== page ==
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opel — asynchronous expression language

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opel — asynchronous expression language
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In everyday work programmers are facing various problems. We would like to focus on two of them: big systems with non-blocking API
and specific business needs that can be solved using Expression Language
. Hold tight!

How to use a non-blocking API in an expression language? The answer is the new expression language — opel
. It was designed to enable writing simple, single line asynchronous expressions. It uses Parboiled
as a language grammar engine and Java 8 CompletableFuture
.

Getting started

To use opel
, just add this dependency to your project:

gradle

compile group: 'pl.allegro.tech', name: 'opel', version: '1.0.1'

maven


pl.allegro.tech
opel
1.0.1

And you’re ready to go!

Simple use case

You can use opel
just as you would use any other existing expression language such as SpEL
or JEXL
. The main difference is that opel
always returns CompletableFuture:

String expression = "2 * 3 + 4";
OpelEngine engine = OpelEngineBuilder.create().build()
engine.eval(expression)
	.whenComplete((result, error) -> System.out.println(result));

this expression is transformed to equivalent code:

CompletableFuture.completedFuture(2)
    .thenCombine(CompletableFuture.completedFuture(3), (l, r) -> l * r)
    .thenCombine(CompletableFuture.completedFuture(4), (l, r) -> l + r)
    .whenComplete((result, error) -> System.out.println(result));

As you see, opel
efficiently hides boilerplate of the CompletableFuture API.

Taste the asynchronous

Typically, operations that use external systems through the REST API or database queries are the main source of Future objects in the system. This type of calls can be easily integrated with opel
.

To achieve this, OpelAsyncFunction
interface has to be implemented. It is an implementation of the well known adapter design pattern.

public class ExampleTemperatureFunction implements OpelAsyncFunction<BigDecimal> {
    @Override
    public CompletableFuture<BigDecimal> apply(List<CompletableFuture> args) {
        return args.get(0).thenApply(city -> {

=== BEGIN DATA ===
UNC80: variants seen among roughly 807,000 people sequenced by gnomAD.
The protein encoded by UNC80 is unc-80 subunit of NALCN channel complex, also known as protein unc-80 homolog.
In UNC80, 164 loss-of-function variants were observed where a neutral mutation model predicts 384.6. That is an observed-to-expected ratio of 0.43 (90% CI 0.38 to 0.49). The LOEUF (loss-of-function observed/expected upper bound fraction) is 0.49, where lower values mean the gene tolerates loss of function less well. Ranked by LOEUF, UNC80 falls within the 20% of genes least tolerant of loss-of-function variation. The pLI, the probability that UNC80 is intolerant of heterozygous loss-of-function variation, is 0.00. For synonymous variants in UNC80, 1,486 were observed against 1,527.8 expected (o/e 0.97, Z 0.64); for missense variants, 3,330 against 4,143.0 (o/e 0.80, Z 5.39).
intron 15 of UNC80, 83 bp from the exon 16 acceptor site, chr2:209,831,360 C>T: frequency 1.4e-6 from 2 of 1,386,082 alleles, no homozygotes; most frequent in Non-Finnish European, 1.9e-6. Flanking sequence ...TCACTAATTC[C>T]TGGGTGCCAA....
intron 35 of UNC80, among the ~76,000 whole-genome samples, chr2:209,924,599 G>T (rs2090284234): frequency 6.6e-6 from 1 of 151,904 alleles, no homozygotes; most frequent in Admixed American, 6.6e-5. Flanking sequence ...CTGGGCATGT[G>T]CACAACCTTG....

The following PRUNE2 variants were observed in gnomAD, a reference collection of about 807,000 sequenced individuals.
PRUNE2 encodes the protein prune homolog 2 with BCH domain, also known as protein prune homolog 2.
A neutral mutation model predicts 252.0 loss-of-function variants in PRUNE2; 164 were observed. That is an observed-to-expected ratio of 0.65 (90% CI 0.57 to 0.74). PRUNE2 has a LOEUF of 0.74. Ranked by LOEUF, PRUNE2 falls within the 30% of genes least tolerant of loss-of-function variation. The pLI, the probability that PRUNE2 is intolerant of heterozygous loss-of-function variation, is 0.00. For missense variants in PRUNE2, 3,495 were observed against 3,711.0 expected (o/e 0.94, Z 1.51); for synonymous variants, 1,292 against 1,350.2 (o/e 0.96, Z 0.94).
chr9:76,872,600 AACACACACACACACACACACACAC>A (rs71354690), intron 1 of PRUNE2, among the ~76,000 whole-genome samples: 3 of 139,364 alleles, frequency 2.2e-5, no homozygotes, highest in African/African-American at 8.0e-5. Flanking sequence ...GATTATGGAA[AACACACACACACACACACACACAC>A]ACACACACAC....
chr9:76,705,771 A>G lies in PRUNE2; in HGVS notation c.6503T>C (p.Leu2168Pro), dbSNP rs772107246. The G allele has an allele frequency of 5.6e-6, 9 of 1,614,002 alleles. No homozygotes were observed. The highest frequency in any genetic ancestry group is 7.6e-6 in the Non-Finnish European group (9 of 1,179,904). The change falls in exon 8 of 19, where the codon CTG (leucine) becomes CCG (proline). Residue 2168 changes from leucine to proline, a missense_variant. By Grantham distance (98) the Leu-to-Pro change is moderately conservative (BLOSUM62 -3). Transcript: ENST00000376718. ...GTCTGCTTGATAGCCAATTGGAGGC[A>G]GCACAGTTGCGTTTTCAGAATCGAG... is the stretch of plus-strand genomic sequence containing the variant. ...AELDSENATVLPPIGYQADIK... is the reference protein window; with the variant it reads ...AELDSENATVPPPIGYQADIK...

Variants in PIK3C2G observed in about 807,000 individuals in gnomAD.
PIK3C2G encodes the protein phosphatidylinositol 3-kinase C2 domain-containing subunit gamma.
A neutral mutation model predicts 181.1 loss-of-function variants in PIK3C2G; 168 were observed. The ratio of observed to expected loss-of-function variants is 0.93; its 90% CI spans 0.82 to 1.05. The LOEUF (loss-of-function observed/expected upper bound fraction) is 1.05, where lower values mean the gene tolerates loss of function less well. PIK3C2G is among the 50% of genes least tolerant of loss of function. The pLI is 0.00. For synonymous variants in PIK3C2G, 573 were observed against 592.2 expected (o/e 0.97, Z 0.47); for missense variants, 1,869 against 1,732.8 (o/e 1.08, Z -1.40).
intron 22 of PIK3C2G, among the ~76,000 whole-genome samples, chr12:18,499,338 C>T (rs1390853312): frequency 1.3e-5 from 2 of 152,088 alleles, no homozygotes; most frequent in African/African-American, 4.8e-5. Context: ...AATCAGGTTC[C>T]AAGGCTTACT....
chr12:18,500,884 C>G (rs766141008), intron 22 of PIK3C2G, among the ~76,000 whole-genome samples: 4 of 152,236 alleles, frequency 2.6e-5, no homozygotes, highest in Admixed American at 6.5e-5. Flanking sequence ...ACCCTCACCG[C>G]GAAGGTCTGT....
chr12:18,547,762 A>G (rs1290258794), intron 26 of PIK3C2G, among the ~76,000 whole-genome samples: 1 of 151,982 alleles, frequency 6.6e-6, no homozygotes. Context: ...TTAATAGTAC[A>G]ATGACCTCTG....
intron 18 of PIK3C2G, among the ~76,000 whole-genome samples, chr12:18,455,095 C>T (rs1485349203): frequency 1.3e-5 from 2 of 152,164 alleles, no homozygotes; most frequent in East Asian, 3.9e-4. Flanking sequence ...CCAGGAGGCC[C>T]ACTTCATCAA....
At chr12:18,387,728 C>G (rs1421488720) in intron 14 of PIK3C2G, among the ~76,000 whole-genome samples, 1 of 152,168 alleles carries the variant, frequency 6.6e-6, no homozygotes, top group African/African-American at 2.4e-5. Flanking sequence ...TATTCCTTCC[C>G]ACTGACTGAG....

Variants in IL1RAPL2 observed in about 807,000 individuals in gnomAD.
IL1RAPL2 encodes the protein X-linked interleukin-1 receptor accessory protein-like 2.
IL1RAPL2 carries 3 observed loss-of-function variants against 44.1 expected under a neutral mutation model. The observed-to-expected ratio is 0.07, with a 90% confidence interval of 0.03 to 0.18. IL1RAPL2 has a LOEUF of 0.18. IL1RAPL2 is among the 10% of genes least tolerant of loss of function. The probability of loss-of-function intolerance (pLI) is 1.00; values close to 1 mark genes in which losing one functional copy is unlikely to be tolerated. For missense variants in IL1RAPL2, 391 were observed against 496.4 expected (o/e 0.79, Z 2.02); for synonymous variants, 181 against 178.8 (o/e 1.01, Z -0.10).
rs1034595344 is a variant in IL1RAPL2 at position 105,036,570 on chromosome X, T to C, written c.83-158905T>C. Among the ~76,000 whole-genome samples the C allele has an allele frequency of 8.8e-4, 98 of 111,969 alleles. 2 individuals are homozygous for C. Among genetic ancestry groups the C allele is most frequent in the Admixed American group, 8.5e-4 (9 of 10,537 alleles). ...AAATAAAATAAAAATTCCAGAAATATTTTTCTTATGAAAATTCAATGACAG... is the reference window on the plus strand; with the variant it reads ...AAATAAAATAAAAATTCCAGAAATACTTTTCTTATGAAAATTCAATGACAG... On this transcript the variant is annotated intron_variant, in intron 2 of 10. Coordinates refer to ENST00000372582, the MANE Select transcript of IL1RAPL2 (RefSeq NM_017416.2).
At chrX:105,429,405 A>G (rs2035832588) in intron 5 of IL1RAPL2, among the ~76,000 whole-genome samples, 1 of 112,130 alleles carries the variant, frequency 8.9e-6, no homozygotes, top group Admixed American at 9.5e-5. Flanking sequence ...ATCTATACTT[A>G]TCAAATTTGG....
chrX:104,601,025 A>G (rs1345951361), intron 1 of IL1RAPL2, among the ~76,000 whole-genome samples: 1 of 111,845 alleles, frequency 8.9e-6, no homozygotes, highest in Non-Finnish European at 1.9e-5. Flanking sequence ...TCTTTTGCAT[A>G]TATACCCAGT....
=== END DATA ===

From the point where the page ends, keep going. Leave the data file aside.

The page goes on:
// add code to call external service about temperature in given city
            return BigDecimal.valueOf(22);
        });
    }
}

That function can be added to OpelEngine
:

OpelEngine engine = OpelEngineBuilder.create()
                    .withFunction('temperature', new ExampleTemperatureFunction())
                    .build()

Then you can the evaluate expressions using the function:

String expression = "if (temperature('warsaw') > 25) 'Stay at home' else 'Go for a jog' ";
engine.eval(expression)
	.whenComplete((result, error) -> System.out.println(result));

Get rid of parsing overhead

Using Future API is the first step towards improving performance. Next step is reducing the frequency of expression parsing. Expression parsing is an expensive operation and should be avoided.

OpelEngine
returns the result of expressions parsing allowing re-use of it:

OpelEngine engine = OpelEngineBuilder.create().build();
OpelParsingResult parsingResult = engine.parse(expression);

parsingResult.evaluate()
	.whenComplete((result, error) -> System.out.println(result));

parsingResult.evaluate() // no parsing, only evaluation
    .whenComplete((result, error) -> System.out.println(result));

It is also worth mentioning that parsing result
object is stateless and thread-safe, and can be used to evaluate expressions by many threads (as long as functions and values registered in the engine are thread-safe).

Evaluation context

In all the above examples evaluation of the expression depends only on the expression itself and on registered functions and values. Sometimes we may want to achieve a behaviour where every evaluation of parsed expression depends on current context. Although it is not possible to pass arguments to opel expressions, it is possible to define a local evaluation context
object and pass it to eval
method. All functions and values registered in evaluation context
will overwrite those defined in the engine. This situation is common for web applications, where context contains functions and values related to current request (eg. function or values returning information about signed in user).

String expression = "if (temperature(currentLocation) > 25) 'Stay at home' else 'Go for a jog' ";

OpelEngine engine =  OpelEngineBuilder.create()
                    .withFunction('temperature', new ExampleTemperatureFunction())
                    .build();
OpelParsingResult parsingResult = engine.parse(expression);

EvalContext context1 = EvalContext.Builder.create()
	.withValue("currentLocation", CompletableFuture.supplyAsync(() -> "Warsaw"))
	.build()

parsingResult.eval(expression, context1)
	.whenComplete((result, error) -> System.out.println(result));

EvalContext context2 = EvalContext.Builder.create()
	.withCompletedValue("currentLocation", "London")
	.build()

parsingResult.eval(expression, context2)
	.whenComplete((result, error) -> System.out.println(result));

Conclusion

In these few examples we present a vision of opel
and a way to write non-blocking expressions without boilerplate of Java 8 CompletableFuture API. But it is not the end. Opel
has many more features to write sexy expressions such as implicit conversion, map and list concise notation, support for own values etc.

Since September 1st, opel
is open source and you can find more information about its features at github
.

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